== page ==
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A Word From The Rabbi

Welcome to the Temple David Congregation Website

Welcome to the Temple David Congregation Website

Shalom and Welcome to the Temple David Congregation Website! My name is Adi Cohen and I am proud to be the Rabbi of Temple David.

I was ordained as a Rabbi at the Jerusalem campus of Hebrew Union College and I am married to Gila, who is a special education teacher and social worker/chaplain. We have three beautiful children: Shaked, Yoav, and Tomer.

I previously worked as a congregational Rabbi at Temple Sinai in Wellington, New Zealand and Brit Olam Congregation in Kiriat Ono, Israel. As well as my congregational work, I have taught Law and Jewish Ethics at Metro West High School in Ra’anana, and worked as a story-teller in special ed. kindergartens in Kfar Saba. I have been also been involved with Jewish education initiatives in Israel and the Diaspora within the framework of the Jewish Agency and the Israeli Movement for Progressive Judaism.

I found my way to the Progressive Rabbinate world after recognising my own need, like that of many young Israelis, to reclaim my Jewish culture and religion, incorporating it as a significant part of my personal identity in day-to-day life.

I see the ‘Rabbi’ as both a religious and a social leader. As for my theological approach: in his book ‘Heart of Many Rooms’, Rabbi David Hartman defines three covenants between the people of Israel and their God: The covenant of worship – which is represented today by prayer and other rituals; the covenant of commandments – Jewish living – and the covenant of morality – acting in the spirit of the prophets. Most people define their Jewish identity by the most significant covenants in their lives. To these I add three more three elements, representing Jewish values. The first element is Humanism. That is, seeing every person, regardless of religion, race or sex, as a human being created in the image of God.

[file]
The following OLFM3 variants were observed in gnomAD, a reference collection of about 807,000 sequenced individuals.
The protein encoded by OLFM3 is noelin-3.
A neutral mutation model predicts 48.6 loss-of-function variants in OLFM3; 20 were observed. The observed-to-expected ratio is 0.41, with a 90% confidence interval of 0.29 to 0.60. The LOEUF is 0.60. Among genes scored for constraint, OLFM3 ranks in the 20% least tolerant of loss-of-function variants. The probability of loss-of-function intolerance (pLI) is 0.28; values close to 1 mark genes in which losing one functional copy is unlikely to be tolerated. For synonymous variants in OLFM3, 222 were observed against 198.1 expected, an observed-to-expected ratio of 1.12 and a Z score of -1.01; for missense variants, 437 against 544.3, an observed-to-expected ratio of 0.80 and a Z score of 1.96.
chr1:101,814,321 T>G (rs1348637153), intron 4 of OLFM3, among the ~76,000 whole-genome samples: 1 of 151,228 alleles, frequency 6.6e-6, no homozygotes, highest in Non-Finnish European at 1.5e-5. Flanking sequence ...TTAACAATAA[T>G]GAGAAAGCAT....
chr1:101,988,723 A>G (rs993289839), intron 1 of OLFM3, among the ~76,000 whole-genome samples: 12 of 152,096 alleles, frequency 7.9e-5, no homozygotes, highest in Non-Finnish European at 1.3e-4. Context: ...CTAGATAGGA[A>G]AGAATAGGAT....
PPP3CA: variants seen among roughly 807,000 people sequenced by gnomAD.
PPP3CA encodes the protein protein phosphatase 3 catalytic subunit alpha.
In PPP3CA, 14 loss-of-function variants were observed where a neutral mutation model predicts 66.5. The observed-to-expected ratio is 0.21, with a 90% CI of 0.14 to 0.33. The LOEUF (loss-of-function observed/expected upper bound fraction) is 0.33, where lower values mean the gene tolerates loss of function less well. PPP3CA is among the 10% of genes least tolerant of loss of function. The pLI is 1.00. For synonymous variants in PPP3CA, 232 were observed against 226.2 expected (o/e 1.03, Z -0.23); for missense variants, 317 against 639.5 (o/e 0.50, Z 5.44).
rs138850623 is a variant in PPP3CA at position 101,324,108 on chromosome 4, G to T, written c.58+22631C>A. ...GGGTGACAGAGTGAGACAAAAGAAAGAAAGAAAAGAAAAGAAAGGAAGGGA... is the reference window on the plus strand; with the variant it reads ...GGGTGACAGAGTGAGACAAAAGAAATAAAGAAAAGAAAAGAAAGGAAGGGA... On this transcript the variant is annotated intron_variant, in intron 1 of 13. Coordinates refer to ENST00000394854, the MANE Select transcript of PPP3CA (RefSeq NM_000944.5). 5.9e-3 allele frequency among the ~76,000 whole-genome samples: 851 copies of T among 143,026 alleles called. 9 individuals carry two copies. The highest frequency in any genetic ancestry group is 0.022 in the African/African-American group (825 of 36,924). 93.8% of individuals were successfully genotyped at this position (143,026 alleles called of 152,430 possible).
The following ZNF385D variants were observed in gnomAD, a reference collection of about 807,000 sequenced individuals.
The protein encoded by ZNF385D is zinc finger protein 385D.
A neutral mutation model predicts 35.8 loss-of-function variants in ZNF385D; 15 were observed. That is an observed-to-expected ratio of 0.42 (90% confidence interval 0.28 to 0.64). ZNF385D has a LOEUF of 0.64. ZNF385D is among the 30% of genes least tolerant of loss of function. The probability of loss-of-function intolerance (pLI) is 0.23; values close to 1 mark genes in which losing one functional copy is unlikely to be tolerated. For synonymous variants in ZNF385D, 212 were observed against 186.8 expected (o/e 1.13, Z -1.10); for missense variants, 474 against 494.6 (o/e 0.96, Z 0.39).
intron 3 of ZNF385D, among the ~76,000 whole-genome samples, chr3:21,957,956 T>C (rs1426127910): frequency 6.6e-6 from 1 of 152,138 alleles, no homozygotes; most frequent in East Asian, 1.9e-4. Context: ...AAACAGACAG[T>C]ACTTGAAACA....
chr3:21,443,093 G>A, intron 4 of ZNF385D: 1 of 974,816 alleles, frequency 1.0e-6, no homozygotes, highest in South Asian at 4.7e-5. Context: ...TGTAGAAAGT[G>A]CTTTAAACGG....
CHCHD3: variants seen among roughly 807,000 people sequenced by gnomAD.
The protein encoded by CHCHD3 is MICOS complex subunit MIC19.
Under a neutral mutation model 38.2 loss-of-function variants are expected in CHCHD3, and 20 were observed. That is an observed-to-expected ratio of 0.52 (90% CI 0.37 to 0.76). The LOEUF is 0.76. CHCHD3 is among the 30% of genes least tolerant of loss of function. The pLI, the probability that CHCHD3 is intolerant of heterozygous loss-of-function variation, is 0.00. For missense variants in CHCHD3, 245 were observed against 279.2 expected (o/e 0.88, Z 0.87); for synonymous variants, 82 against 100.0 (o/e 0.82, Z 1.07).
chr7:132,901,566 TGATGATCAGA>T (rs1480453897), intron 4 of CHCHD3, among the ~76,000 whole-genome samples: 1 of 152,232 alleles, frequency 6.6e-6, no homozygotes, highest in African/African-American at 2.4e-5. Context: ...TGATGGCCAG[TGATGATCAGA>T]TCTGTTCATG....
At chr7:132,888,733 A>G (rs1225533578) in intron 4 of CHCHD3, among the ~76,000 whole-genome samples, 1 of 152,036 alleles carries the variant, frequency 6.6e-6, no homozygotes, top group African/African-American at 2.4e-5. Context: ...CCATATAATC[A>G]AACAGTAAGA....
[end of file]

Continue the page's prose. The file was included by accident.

The second element is Liberalism. Each generation has its own interpretations and understandings of Judaism. As I see it, every Jewish person should deal with two complex questions: ‘What is my Jewish identity?’ and ‘In what way is Judaism relevant to my life?’ It is both a duty and a privilege to look back to the heritage of past generations, and from it to build an identity that is relevant to our era.

The third element is Pluralism. As no two faces are alike, people’s opinions are not alike. It is the acknowledgment that different people believe in different ways. An odd and wonderful thing in Judaism is the name we call God – Elohim. A name in Hebrew that is in the form of a plural, which completely contradicts the core of our Jewish belief: ‘Hear oh Israel the Lord is our God, the Lord is ONE’. There IS one God, but every person has his or her unique way of reaching Elohim.

I believe that the most challenging aspect of being a Rabbi is making Judaism and Jewish values relevant to the each generation, and offering them different ways to experience Jewish communal life that will enrich their Jewish identity. How do we do it? Very slowly and together! The first step is to understand the different needs of the congregants; the next step is translating their values and beliefs into actions – educational programmes, social actions, interfaith programmes and so on.

What makes a young Rabbi and his family want to leave a convenient life, a position in a community, and move to the end of the world? My wife and I met in a Jewish Agency seminar. Working with Jewish communities around the world, and particularly keeping young people engaged in their Judaism was, and still is, a calling and a way of life for us.

Every community has its own unique characteristics, every community has its own nature, and every community wants to grow from strength to strength. My main challenges as a Rabbi would be to help identify the nature of the community and to help empower it; to identify the special characteristics of the community and enrich them spiritually, educationally and professionally; to identify the community’s formal and non-formal leadership and support them in a way that will be optimal for them and for the community.

As the Rabbi of the Temple David it is my aim to assist and lead the community to be a place where different people with different opinions and different conceptions see the congregation as their Jewish home, a source of knowledge and a spiritual sanctuary - ‘a place of many rooms’ (Sotah 7:12)